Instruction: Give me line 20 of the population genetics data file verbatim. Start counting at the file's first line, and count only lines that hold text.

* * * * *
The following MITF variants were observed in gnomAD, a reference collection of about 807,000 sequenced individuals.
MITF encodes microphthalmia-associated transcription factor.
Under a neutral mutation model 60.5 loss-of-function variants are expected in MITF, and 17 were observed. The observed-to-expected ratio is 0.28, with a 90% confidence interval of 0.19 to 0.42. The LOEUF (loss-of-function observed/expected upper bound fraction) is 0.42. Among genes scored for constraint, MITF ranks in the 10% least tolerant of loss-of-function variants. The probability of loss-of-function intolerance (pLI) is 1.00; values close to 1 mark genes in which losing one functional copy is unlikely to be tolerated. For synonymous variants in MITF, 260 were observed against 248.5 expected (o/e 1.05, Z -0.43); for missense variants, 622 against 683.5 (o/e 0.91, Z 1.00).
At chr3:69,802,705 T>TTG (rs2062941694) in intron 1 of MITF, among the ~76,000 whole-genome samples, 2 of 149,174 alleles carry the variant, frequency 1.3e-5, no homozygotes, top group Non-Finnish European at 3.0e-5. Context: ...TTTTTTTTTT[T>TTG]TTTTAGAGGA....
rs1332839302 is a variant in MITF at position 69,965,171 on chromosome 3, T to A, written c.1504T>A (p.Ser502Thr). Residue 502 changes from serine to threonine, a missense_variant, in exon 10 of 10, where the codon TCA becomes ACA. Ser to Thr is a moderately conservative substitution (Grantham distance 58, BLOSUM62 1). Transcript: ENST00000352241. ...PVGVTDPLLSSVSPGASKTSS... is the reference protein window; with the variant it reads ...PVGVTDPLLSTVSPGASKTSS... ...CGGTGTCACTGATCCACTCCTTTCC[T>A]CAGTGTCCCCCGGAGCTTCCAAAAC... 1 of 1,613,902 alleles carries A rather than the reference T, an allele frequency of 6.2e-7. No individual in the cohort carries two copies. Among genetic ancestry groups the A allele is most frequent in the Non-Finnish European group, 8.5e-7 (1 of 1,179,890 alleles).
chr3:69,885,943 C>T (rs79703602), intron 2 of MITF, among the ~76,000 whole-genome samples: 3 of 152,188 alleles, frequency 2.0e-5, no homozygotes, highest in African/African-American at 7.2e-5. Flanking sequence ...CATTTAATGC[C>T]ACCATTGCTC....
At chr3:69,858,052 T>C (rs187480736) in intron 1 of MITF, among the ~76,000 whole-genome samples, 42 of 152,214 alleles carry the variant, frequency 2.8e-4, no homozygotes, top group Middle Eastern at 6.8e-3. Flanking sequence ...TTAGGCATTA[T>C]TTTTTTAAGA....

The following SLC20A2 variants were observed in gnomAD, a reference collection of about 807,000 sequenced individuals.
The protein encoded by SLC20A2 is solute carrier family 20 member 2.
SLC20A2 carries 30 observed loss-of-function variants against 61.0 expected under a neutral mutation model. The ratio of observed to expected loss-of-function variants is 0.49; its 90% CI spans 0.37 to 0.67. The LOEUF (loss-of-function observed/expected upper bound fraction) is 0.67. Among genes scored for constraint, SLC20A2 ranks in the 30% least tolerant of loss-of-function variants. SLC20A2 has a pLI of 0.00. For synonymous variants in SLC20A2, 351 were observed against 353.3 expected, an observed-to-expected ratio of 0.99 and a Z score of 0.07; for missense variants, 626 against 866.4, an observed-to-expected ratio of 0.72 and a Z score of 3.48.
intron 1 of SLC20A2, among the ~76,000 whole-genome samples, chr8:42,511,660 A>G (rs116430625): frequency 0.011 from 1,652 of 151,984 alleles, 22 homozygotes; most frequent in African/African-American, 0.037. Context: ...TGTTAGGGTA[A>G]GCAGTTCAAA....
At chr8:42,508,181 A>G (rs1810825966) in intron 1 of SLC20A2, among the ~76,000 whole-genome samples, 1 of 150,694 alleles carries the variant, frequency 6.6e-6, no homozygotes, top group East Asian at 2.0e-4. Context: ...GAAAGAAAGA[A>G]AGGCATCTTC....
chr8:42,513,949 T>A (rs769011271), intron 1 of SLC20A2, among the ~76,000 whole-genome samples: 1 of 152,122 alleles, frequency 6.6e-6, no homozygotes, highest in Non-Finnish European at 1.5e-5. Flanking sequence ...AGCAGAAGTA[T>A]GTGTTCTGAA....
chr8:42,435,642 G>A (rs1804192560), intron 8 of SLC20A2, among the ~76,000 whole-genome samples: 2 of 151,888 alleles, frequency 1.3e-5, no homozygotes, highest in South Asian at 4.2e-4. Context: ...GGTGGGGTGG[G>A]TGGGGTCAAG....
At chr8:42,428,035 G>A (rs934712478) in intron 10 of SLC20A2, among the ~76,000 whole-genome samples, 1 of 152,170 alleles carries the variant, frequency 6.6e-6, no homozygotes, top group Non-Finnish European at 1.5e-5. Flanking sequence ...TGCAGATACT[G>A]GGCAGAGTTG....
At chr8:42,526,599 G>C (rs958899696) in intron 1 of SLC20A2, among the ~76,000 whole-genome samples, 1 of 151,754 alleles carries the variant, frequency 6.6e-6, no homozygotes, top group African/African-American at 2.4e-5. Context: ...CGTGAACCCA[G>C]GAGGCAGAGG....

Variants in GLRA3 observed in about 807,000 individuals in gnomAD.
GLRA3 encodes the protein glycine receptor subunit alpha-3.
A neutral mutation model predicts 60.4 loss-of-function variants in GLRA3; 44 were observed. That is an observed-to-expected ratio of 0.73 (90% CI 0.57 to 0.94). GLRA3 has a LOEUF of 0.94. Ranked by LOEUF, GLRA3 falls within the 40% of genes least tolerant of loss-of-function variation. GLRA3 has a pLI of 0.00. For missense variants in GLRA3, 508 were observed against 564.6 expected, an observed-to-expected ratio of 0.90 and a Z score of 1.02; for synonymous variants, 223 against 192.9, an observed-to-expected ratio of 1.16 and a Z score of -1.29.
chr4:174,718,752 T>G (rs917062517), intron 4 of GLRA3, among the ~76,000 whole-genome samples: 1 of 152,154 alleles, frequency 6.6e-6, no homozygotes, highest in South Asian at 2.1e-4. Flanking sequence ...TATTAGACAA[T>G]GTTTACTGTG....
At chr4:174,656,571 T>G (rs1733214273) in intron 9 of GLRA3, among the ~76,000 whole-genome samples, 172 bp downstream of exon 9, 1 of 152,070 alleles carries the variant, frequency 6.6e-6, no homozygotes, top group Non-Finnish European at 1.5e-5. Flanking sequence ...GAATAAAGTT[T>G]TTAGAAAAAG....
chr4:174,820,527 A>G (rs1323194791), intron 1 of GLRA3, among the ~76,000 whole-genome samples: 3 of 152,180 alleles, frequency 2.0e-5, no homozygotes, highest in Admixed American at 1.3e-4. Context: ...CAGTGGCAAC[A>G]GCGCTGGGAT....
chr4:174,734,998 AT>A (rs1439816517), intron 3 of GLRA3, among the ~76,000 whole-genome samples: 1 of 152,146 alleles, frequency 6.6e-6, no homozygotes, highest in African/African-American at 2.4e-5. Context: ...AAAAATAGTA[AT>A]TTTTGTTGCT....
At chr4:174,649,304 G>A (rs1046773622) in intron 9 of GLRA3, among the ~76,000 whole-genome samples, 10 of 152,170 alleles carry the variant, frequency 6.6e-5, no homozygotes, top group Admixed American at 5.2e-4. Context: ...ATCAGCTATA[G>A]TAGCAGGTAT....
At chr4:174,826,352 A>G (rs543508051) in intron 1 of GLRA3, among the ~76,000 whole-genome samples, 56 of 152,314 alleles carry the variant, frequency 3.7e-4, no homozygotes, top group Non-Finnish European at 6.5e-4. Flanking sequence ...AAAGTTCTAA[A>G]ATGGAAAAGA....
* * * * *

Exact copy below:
chr4:174,718,752 T>G (rs917062517), intron 4 of GLRA3, among the ~76,000 whole-genome samples: 1 of 152,154 alleles, frequency 6.6e-6, no homozygotes, highest in South Asian at 2.1e-4. Flanking sequence ...TATTAGACAA[T>G]GTTTACTGTG....